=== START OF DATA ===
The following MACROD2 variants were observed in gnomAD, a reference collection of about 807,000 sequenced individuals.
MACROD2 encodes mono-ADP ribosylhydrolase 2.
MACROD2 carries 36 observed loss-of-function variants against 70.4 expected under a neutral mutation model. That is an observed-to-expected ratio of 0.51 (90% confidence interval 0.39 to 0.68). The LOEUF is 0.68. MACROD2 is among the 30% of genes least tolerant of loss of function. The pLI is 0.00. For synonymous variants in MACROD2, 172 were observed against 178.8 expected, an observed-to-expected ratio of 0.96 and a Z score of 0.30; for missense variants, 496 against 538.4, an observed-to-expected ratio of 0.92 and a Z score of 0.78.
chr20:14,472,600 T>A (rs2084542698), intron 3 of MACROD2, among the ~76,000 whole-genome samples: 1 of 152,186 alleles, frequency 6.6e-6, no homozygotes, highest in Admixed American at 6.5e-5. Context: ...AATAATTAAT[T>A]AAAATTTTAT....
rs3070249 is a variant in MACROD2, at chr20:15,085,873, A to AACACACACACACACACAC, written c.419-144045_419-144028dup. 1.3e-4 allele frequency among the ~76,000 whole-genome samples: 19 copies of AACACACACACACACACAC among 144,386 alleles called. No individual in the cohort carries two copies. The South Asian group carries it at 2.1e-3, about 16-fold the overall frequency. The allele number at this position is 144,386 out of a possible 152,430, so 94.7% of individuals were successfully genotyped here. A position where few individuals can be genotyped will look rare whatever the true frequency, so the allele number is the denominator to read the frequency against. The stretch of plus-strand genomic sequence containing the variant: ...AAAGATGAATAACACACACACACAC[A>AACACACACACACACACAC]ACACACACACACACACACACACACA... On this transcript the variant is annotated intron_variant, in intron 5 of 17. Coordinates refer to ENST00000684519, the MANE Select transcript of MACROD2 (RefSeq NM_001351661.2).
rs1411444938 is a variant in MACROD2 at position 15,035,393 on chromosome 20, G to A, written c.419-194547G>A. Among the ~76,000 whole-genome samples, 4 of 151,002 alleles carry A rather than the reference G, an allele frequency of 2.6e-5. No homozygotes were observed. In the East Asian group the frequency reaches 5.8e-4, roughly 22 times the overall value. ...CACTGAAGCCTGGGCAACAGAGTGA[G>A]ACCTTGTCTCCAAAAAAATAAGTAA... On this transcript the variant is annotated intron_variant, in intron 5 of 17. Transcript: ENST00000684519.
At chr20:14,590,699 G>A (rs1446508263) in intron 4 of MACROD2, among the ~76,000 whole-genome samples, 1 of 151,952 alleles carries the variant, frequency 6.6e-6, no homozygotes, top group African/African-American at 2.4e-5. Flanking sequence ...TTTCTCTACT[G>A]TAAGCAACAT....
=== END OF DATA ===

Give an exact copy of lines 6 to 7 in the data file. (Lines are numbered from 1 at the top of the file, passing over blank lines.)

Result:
rs1411444938 is a variant in MACROD2 at position 15,035,393 on chromosome 20, G to A, written c.419-194547G>A. Among the ~76,000 whole-genome samples, 4 of 151,002 alleles carry A rather than the reference G, an allele frequency of 2.6e-5. No homozygotes were observed. In the East Asian group the frequency reaches 5.8e-4, roughly 22 times the overall value. ...CACTGAAGCCTGGGCAACAGAGTGA[G>A]ACCTTGTCTCCAAAAAAATAAGTAA... On this transcript the variant is annotated intron_variant, in intron 5 of 17. Transcript: ENST00000684519.
At chr20:14,590,699 G>A (rs1446508263) in intron 4 of MACROD2, among the ~76,000 whole-genome samples, 1 of 151,952 alleles carries the variant, frequency 6.6e-6, no homozygotes, top group African/African-American at 2.4e-5. Flanking sequence ...TTTCTCTACT[G>A]TAAGCAACAT....